Smoking and Coronary Artery Disease

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Smoking and Coronary Artery Disease

Topic Overview

Quitting smoking is probably the most important step you can take to decrease your chance of coronary artery disease (CAD) and a heart attack.

If you smoke, you are 2 to 4 times more likely to get heart disease. And you are 2 to 3 times more likely to die from heart disease.1

Carbon monoxide, nicotine, and other substances in tobacco smoke can promote atherosclerosis and trigger symptoms of coronary artery disease. Smoking:

  • Causes the platelets in your blood to clump together easily by making your blood cells more "sticky" and more likely to form clots. Clumping platelets can then block your coronary arteries and cause a heart attack.
  • Can cause spasms in your coronary arteries, which can reduce the blood flow to your heart in a way similar to that of atherosclerosis.
  • Can trigger irregular heartbeats (arrhythmias).
  • Lowers "good" cholesterol (high-density lipoprotein, or HDL). Cholesterol-carrying lipoproteins also more easily enter the walls of your arteries, where they can develop into a hard plaque and atherosclerosis.
  • Reduces the amount of oxygen that can be carried by red blood cells in the bloodstream.

People who smoke are more likely to develop angina, have a heart attack, and die from some form of heart disease.

Smoking also affects those around you. Second-hand smoke may increase other people's risk of coronary artery disease.

What are the benefits of quitting smoking?

Your risk of developing CAD drops relatively soon after you quit smoking. After your first year of not smoking, your risk of heart disease decreases by half. Also, your risk of having a heart attack decreases when you stop smoking.

When you quit smoking, you cut your risk of death even more by staying away from cigarettes for good. After 15 years of not smoking, your risk of death from heart disease is the same as if you had never smoked at all.

If you have had angioplasty or coronary artery bypass graft surgery to repair narrowed or blocked arteries, quitting smoking can decrease the risk of those arteries narrowing again. Your doctor will urge you to quit smoking so you get the most benefit from these procedures.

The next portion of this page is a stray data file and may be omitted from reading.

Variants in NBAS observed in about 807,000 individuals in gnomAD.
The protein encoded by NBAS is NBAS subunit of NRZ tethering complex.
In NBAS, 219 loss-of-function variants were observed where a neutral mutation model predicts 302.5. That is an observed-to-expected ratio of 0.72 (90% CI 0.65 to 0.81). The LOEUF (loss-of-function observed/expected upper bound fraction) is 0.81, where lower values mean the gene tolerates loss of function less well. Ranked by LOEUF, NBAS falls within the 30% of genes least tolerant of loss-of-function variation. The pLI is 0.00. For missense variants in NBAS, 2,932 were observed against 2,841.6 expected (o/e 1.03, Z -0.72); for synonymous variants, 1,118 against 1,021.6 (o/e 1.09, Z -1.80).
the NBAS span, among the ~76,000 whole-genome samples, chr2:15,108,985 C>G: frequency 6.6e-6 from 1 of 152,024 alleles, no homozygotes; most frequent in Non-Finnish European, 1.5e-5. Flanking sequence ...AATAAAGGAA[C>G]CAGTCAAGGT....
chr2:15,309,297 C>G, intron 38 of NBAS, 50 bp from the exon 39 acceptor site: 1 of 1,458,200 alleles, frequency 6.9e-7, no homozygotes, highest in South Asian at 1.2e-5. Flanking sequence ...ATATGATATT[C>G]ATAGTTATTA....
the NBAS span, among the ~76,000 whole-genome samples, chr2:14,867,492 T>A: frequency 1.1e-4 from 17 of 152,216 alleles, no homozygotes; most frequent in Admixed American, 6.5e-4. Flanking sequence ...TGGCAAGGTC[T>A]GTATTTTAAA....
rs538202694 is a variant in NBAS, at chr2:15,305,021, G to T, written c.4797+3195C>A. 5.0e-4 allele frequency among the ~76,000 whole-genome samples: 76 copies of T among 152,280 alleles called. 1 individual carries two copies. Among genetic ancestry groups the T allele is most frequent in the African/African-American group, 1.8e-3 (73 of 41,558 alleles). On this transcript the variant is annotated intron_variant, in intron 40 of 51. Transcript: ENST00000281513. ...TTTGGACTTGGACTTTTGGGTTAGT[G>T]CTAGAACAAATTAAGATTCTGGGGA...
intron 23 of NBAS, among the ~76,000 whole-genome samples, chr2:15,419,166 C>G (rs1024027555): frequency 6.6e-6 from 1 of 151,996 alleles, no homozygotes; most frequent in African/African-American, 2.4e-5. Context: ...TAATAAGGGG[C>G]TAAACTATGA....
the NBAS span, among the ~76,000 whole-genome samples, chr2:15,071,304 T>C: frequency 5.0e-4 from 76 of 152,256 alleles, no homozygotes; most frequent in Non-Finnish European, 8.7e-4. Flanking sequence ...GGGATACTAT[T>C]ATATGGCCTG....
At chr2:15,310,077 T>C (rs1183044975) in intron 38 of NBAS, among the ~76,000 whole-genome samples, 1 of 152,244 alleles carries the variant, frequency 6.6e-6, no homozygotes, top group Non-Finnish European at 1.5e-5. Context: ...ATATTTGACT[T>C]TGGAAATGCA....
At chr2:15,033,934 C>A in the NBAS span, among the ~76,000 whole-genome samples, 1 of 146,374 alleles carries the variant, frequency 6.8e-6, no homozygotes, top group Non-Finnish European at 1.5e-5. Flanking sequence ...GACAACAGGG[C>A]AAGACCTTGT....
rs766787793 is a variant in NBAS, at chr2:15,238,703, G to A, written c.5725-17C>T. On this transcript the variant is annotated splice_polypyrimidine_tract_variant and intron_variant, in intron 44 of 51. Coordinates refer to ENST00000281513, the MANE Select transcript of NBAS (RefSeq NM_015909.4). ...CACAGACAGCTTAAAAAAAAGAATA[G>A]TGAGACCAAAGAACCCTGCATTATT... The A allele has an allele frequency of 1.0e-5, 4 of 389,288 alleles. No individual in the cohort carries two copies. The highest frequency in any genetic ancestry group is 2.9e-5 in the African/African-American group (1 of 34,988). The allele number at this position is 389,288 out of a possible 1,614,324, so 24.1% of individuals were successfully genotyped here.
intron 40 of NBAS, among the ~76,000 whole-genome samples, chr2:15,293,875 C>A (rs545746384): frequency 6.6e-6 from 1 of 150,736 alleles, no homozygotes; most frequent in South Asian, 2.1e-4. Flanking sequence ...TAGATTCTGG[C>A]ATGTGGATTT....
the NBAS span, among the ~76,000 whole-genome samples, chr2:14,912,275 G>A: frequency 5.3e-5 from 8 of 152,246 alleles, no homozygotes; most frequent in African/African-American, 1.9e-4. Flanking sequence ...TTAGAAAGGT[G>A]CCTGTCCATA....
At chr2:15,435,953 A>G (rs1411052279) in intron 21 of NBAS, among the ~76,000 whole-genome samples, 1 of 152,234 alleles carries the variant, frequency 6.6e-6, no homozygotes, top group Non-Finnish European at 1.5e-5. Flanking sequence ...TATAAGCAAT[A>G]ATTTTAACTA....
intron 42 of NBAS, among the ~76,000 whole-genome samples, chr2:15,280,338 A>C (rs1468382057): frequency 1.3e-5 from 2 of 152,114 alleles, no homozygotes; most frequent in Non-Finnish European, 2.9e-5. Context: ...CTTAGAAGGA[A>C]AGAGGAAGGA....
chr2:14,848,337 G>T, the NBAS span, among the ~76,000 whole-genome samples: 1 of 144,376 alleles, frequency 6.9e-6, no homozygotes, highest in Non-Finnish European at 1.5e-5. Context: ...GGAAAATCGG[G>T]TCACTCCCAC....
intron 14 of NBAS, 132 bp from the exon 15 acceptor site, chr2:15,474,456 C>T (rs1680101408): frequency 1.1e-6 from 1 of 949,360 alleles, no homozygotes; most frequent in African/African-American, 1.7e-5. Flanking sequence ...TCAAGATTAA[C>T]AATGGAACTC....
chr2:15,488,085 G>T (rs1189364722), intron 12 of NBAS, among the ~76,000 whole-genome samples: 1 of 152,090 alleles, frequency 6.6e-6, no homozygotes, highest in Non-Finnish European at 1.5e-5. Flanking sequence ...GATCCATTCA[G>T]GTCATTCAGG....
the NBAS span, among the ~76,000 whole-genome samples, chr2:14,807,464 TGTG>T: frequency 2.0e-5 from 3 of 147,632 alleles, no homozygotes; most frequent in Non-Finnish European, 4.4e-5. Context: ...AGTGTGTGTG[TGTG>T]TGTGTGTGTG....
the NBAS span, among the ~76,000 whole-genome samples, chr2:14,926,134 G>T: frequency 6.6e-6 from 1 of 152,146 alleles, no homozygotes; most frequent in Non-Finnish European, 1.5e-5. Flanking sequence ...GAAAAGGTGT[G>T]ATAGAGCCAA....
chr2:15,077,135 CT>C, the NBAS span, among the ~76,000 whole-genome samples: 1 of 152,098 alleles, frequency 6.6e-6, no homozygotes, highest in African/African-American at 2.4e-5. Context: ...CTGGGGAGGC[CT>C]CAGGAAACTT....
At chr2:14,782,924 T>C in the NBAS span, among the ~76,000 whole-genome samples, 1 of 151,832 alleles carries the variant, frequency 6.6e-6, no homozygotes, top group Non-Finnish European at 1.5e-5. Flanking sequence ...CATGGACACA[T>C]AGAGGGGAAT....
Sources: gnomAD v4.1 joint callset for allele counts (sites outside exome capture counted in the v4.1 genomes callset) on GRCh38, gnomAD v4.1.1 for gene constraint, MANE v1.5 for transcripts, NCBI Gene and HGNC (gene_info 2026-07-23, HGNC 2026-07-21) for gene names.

How do I quit smoking?

Quitting smoking is not easy. Many people have to try several times before they succeed. There are several methods for quitting smoking that have proven successful for thousands of people. Ask your doctor about nicotine replacement therapy (patches or gum that controls your nicotine craving), classes, and counselling. One of the secrets to quitting smoking is not to lose your determination to quit, even if you don't succeed right away.

For more information, see the topic Quitting Smoking.

References

Citations

  1. Lloyd-Jones D, et al. (2009). Heart disease and stroke statistics 2010 update: A report from the American Heart Association. Circulation. Published online December 17, 2009 (doi: 10.1161/circulationaha.109.192667). Also available online: http://circ.ahajournals.org/cgi/reprint/CIRCULATIONAHA.109.192667.

Credits

By Healthwise Staff
Primary Medical Reviewer E. Gregory Thompson, MD - Internal Medicine
Primary Medical Reviewer Brian D. O'Brien, MD - Internal Medicine
Specialist Medical Reviewer John A. McPherson, MD, FACC, FSCAI - Cardiology
Last Revised August 23, 2010

This information does not replace the advice of a doctor. Healthwise, Incorporated disclaims any warranty or liability for your use of this information.